An interesting post on one of my favourite poets. “They Are Not Long” is beautiful in it’s simplicity. Besides being a poet Dowson also wrote a number of short stories and one play. The latter concerns a moon goddess and her trist with a mortal at Versailles. Dowson should be far better known than he is.
What’s the connection between wine, poetry, Gone with the Wind, and soccer? In a couple of previous posts, on George Meredith and Sir Edward Bulwer-Lytton, we’ve endeavoured to find five interesting things about two of Victorian literature’s neglected figures. Now it’s the turn of Ernest Dowson – decadent poet. Some of these are particularly surprising.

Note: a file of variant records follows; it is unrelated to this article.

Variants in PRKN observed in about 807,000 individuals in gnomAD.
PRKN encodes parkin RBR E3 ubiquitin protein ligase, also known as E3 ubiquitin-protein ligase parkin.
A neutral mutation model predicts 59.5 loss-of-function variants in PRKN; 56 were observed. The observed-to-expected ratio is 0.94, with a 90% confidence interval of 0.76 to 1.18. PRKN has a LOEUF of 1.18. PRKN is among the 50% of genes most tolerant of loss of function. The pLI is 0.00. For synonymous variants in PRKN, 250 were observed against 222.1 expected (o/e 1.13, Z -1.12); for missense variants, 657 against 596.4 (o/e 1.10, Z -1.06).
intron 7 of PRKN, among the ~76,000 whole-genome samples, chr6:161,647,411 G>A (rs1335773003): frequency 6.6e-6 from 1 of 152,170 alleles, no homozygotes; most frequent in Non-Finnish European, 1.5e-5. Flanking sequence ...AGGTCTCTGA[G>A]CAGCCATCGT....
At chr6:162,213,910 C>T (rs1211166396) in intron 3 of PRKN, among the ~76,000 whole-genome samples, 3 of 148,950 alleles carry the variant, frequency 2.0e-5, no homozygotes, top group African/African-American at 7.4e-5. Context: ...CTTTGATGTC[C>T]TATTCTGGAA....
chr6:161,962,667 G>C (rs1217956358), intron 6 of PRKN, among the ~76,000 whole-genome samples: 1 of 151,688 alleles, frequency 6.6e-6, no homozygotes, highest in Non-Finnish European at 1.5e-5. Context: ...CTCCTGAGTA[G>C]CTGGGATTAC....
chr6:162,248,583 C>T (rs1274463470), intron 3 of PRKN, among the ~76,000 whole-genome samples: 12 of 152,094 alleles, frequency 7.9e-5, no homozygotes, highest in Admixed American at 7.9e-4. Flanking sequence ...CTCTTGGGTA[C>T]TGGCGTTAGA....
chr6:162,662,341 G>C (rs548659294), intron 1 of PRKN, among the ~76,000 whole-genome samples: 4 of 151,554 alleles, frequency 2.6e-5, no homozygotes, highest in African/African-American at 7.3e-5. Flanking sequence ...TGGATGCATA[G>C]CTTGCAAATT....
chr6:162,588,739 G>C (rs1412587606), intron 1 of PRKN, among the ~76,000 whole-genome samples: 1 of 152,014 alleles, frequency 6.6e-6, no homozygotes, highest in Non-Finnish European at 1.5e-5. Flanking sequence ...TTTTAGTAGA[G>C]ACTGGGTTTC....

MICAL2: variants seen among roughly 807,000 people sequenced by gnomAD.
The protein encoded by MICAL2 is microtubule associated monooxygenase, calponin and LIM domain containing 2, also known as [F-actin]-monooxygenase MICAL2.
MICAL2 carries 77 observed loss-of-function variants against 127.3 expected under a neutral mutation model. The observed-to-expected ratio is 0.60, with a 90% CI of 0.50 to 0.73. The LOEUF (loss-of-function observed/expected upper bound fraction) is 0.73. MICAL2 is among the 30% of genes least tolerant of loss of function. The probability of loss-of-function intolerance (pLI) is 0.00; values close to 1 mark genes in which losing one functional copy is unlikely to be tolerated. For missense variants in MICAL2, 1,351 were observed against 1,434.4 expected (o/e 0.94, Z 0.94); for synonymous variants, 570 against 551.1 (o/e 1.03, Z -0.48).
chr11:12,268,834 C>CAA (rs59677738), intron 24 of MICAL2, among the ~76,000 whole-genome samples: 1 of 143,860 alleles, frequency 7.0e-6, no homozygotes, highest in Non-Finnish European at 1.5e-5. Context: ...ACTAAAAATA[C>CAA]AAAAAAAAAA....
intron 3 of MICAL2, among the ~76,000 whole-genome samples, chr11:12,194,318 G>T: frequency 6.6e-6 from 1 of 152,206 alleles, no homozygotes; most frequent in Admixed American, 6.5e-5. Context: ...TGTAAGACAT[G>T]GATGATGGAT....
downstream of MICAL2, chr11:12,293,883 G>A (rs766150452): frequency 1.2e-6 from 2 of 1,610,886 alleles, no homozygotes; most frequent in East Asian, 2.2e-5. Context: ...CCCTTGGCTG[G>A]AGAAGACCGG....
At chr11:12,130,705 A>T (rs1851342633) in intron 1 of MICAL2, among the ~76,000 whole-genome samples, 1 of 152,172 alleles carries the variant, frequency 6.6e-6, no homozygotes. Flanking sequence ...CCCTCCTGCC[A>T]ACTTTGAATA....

1. Ernest Dowson coined the phrase ‘the days of wine and roses’. This was in a poem whose long Latin title was borrowed from the Roman poet Horace, ‘Vita Summa Brevis Spem Nos Vetat Incohare Longam’ (which can be translated as ‘The brief sum of life forbids us the hope of enduring long’). The second of the two stanzas of this short poem runs: ‘They are not long, the days of wine and roses: / Out of a misty dream / Our path emerges for a while, then closes / Within a dream.’
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